Korean J Physiol Pharmacol.  2004 Apr;8(2):69-76.

Presynaptic Mechanism Underlying Regulation of Transmitter Release by G Protein Coupled Receptors

  • 1Department of Neurophysiology, University of Tokyo Graduate School of Medicine, Tokyo 113-0033, Japan.


A variety of G protein coupled receptors (GPCRs) are expressed in the presynaptic terminals of central and peripheral synapses and play regulatory roles in transmitter release. The patch-clamp whole-cell recording technique, applied to the calyx of Held presynaptic terminal in brainstem slices of rodents, has made it possible to directly examine intracellular mechanisms underlying the GPCR-mediated presynaptic inhibition. At the calyx of Held, bath-application of agonists for GPCRs such as GABAB receptors, group III metabotropic glutamate receptors (mGluRs), adenosine A1 receptors, or adrenaline alpha2 receptors, attenuate evoked transmitter release via inhibiting voltage-activated Ca2+ currents without affecting voltage-activated K+ currents or inwardly rectifying K+ currents. Furthermore, inhibition of voltage-activated Ca2+ currents fully explains the magnitude of GPCR-mediated presynaptic inhibition, indicating no essential involvement of exocytotic mechanisms in the downstream of Ca2+ influx. Direct loadings of G protein beta gamma subunit (G beta gamma) into the calyceal terminal mimic and occlude the inhibitory effect of a GPCR agonist on presynaptic Ca2+ currents (IpCa), suggesting that G beta gammamediates presynaptic inhibition by GPCRs. Among presynaptic GPCRs glutamate and adenosine autoreceptors play regulatory roles in transmitter release during early postnatal period when the release probability (p) is high, but these functions are lost concomitantly with a decrease in p during postnatal development.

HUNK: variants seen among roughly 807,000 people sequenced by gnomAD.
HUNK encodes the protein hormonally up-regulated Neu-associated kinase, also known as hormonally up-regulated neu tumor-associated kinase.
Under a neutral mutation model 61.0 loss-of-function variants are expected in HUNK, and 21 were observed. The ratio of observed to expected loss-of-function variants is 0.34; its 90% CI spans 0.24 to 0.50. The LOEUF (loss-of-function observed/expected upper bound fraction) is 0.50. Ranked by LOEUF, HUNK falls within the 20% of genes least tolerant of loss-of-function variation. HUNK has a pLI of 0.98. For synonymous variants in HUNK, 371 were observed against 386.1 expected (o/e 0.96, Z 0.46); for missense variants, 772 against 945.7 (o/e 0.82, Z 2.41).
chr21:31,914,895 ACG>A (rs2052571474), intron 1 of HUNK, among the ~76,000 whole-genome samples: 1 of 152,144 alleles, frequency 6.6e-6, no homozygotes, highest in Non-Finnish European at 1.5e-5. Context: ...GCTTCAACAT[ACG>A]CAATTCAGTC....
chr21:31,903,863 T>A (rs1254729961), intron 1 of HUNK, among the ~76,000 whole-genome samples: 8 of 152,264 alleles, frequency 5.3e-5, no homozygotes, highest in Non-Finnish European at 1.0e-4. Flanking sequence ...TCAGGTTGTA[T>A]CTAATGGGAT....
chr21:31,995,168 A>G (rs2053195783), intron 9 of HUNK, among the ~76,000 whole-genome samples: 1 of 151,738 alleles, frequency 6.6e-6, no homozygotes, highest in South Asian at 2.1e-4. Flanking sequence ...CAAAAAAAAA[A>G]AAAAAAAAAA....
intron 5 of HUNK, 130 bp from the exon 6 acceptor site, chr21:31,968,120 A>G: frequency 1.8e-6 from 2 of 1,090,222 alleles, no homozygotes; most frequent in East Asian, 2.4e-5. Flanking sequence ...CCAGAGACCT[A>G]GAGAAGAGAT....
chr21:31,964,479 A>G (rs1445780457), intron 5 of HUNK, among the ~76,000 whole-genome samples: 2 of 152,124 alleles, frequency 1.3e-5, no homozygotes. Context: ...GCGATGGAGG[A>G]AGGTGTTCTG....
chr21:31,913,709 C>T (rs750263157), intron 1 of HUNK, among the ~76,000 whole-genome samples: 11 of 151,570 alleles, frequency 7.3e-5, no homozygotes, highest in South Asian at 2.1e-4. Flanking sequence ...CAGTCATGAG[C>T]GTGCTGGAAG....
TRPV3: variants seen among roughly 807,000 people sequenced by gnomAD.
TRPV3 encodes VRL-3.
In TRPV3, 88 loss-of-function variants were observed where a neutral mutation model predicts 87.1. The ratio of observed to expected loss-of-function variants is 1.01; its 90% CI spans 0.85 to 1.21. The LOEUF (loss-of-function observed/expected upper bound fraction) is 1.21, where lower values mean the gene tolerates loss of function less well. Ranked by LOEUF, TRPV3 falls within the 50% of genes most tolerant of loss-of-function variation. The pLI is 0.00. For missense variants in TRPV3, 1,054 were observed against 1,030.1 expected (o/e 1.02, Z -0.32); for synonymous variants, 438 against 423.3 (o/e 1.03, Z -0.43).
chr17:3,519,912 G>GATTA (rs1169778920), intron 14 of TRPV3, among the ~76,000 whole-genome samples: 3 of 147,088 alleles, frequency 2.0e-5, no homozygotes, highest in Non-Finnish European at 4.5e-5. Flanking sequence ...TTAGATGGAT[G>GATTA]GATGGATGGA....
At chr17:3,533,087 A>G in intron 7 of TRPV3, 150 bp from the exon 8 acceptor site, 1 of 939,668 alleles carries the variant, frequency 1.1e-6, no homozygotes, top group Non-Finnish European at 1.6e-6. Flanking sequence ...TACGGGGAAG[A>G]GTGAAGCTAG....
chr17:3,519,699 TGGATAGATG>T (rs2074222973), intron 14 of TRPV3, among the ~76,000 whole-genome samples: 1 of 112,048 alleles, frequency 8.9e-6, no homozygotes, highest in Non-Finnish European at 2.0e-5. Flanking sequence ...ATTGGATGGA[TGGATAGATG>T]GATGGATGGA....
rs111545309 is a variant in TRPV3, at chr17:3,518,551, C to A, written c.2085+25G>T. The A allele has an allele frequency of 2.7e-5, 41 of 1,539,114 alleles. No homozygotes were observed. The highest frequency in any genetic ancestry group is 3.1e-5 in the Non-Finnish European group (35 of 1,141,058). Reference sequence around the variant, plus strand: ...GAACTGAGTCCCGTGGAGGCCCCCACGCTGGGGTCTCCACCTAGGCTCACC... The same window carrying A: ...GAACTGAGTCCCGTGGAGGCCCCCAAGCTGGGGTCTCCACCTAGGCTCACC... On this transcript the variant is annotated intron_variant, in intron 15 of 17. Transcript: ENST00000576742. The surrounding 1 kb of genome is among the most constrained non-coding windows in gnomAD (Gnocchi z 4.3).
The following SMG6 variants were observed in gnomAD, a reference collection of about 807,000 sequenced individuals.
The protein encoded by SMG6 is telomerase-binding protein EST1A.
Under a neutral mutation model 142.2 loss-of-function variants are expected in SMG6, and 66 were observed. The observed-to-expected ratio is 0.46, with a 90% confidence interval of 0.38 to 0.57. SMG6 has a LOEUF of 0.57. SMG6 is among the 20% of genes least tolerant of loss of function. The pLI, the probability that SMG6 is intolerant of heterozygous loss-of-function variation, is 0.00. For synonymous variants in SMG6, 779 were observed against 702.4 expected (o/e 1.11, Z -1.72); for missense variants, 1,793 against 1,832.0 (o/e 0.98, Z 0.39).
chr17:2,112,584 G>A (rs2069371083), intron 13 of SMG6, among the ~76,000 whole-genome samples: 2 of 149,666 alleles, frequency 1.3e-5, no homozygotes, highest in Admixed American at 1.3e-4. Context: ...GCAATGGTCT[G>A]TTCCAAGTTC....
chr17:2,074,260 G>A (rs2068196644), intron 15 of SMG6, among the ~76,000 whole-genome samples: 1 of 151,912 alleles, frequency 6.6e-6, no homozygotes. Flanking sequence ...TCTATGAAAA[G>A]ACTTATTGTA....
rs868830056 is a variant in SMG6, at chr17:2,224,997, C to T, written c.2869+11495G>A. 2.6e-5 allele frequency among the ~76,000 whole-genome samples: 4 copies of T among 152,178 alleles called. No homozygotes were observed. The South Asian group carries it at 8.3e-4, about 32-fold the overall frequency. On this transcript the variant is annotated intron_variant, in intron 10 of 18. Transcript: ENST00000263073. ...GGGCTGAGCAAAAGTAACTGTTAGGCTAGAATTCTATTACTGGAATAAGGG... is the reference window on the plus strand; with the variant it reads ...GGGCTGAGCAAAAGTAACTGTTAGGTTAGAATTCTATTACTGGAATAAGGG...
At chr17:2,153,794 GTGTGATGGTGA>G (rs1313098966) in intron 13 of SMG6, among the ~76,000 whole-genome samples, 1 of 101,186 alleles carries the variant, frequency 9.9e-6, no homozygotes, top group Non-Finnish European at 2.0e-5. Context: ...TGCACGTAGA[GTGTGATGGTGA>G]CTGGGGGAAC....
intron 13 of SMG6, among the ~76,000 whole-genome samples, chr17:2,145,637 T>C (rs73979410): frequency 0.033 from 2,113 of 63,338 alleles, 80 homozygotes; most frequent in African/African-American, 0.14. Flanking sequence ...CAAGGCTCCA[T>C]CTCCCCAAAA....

GPCR; GABAB receptor; mGluR; A1R; Voltage-activated calcium channel; Transmitter release; Calyx of Held
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